****See examples of records at the bottom of this page****
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Fraternal Societies are groups of people brought together either by common interests, or by a common ethnic background. In the case of Portuguese Fraternal Societies, they were designed to be a place where people could gather together and speak their native language and where they were also encouraged to practice and maintain their culture and traditions. These were sometimes known as Lodges.
Upon arriving in America, many Portuguese people would join a society where they could be among people from their native country. They spoke mostly Portuguese there, so speaking English was not the problem it was for them in much of the rest of their daily life. Also, they would find comfort in being around the culture they were used to, and support and encouragement from people who understood the problems that confronted them. In addition to this, Fraternal Societies offered insurance benefits to help provide for the family in case of a death.
My experience with Fraternal Societies is limited to those in California, so I can give you some information about those. The names of some of those Fraternal Societies in California are: União Portuguesa do Estado da California or The Portuguese Union of the State of California (U.P.E.C.) founded in 1880; Irmandade do Divono Espirito Santo (I.D.E.S.) founded in 1891; Sociedade do Espirito Santo (S.E.S.) founded in 1895; the União Portuguesa Protectora do Estado da California (U.P.P.E.C.) which is a mutual-aid society for women. In addition, there is a fraternal insurance organization for Madeirans, the A.P.U.M.E.C., 1275 A Street, Hayward, CA 94541-2925, phone (510) 582-9695.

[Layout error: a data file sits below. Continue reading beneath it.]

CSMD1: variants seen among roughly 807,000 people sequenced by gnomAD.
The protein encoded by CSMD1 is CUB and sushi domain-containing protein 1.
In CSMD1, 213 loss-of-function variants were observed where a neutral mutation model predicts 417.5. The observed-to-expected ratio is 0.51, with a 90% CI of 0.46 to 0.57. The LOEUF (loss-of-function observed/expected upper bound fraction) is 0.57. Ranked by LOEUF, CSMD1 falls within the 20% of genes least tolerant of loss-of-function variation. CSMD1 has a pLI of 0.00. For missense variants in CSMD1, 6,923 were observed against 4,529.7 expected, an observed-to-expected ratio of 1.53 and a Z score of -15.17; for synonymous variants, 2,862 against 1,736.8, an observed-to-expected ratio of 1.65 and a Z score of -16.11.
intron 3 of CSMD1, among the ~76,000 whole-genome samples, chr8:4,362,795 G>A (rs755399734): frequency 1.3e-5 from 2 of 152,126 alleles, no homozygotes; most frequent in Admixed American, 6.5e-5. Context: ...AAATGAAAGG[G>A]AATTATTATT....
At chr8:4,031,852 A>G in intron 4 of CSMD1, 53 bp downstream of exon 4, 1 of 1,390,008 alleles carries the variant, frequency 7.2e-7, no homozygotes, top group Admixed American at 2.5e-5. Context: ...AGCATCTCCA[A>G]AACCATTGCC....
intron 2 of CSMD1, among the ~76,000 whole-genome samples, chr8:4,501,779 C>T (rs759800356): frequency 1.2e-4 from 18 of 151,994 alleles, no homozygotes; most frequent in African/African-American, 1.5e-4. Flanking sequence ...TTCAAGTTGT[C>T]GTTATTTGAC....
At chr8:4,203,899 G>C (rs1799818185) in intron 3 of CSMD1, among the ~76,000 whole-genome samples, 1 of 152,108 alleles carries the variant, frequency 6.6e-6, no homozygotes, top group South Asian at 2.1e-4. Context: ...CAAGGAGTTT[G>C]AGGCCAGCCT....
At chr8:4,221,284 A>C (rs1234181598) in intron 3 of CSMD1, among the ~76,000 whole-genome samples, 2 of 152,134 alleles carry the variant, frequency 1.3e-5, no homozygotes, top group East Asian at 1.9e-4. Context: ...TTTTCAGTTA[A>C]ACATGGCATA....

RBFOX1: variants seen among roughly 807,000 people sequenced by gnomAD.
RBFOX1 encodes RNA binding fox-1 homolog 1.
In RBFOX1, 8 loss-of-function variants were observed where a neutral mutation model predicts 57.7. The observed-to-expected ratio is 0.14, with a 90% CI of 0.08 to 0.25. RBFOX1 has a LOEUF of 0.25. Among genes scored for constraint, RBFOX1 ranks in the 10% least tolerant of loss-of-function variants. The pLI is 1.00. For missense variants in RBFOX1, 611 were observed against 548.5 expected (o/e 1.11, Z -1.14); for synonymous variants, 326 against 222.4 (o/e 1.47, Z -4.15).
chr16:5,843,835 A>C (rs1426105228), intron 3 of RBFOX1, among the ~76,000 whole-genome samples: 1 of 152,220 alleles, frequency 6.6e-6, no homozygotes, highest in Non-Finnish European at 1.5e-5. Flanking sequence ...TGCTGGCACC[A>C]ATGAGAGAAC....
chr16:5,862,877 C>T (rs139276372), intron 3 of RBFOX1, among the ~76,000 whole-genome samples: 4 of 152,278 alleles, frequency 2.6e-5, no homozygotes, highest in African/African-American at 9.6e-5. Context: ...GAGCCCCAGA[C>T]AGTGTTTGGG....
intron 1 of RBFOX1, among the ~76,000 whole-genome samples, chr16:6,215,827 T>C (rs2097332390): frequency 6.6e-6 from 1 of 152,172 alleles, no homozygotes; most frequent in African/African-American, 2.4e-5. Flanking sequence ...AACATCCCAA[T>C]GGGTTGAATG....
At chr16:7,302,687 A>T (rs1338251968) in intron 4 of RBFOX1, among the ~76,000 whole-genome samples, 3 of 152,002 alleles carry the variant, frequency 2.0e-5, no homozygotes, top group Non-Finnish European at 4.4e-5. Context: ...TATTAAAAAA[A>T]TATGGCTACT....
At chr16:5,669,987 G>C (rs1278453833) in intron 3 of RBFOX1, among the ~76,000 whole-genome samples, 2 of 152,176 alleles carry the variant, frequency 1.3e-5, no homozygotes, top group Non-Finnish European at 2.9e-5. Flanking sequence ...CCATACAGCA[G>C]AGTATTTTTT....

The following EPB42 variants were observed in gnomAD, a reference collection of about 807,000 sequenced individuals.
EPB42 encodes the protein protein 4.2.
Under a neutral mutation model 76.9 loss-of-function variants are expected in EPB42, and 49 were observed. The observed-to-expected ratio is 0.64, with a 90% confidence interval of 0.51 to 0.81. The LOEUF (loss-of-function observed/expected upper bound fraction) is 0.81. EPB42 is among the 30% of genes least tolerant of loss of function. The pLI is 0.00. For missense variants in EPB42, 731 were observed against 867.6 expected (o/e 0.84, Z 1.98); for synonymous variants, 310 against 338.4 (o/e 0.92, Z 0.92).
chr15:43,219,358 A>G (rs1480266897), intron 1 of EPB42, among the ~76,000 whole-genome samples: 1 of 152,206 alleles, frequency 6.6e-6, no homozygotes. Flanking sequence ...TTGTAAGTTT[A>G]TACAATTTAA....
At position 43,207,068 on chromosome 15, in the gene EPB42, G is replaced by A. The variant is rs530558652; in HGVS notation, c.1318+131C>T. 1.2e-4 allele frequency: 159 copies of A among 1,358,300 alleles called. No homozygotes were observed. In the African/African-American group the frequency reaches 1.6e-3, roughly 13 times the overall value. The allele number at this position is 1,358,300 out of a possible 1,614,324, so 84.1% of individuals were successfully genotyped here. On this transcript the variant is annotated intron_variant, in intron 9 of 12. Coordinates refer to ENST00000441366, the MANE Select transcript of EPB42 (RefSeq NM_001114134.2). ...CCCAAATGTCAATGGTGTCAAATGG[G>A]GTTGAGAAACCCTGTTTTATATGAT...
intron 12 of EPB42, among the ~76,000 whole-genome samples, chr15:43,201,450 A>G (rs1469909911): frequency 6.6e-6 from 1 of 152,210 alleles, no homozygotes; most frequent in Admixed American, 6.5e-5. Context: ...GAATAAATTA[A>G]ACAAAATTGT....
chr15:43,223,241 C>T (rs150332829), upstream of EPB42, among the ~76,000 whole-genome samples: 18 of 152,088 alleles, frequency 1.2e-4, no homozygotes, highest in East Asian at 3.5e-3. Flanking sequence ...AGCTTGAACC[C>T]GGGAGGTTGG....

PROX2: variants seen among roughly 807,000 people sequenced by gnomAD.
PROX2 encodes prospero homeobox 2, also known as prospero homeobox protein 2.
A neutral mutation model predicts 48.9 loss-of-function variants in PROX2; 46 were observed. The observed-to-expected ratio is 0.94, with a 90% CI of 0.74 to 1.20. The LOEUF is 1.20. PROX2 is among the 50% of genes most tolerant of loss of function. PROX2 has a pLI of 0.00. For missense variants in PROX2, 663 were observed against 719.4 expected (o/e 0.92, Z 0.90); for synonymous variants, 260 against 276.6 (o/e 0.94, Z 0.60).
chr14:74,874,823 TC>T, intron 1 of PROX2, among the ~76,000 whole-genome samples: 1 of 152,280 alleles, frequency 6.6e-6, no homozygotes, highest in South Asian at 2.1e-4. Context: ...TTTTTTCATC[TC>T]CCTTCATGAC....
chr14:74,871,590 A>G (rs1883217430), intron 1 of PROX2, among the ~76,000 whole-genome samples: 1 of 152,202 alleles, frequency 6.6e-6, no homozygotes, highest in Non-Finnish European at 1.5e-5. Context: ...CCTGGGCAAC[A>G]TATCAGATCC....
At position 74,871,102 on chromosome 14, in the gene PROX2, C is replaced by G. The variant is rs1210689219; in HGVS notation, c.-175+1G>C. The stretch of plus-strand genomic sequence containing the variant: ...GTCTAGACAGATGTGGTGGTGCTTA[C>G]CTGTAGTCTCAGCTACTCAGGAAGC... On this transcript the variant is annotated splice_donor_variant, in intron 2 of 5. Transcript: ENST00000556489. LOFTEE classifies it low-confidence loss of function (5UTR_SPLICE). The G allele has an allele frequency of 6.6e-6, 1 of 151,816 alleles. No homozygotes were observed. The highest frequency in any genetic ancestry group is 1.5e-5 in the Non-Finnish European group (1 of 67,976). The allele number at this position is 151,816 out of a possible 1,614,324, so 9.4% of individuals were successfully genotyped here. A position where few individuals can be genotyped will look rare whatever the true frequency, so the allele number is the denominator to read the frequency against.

Records were kept at these Fraternal Societies which can be very useful to a researcher. Most records are either Death Claim Registers or Membership Registers, but that can vary, depending on the group. Some of these records have been filmed by the Church of Latter Day Saints (Mormons) and are available at local Family History Centers (FHCs) for a small fee. If you are not familiar with FHCs, they are a wonderful research tool. Many Mormon Churches have a part of their facilities set aside for family research and these facilities are free and available to everyone. They typically contain computers that you can search the Family History Library Catalog for your areas of interest as well as the names of your ancestors that may have already been submitted by someone else. Also, you can send for microfilm and microfiche to view at the FHC for a small fee. Helpful volunteers staff these facilities. So, if you havent found your way to one yet, look under the Yellow Pages of your telephone book for Churches, then Church of Jesus Christ of Latter-day Saints.
The U.P.E.C was founded in San Leandro on August 1, 1880 by founding members who were all Azorean, with the exception of one man from Coimbra, Portugal. Although it was founded to encourage Portuguese culture, anyone of any nationality could be admitted. As stated before, insurance benefits were part of the attraction in joining. Also, the peace of mind in knowing that when a member died, if there was no one to make funeral arrangements, the U.P.E.C. would see that there was a proper burial.
The records of the U.P.E.C. are some that have been filmed and are available at the FHC for viewing on microfilm. When you are at the FHC, search the Library Catalog on the computer under such heading as California Societies or something similar for another state you are researching. The Death Claim Registers include the name of the deceased, number in register, date of death, date admitted to the society, proof of death, policy value and beneficiaries, payments, and membership information. The Membership Registers include the date admitted to the society, name, age, marital status, occupation, current residence, place of origin (can sometimes be the village name as well as the island), name and residence of beneficiary, and often, notes of some kind.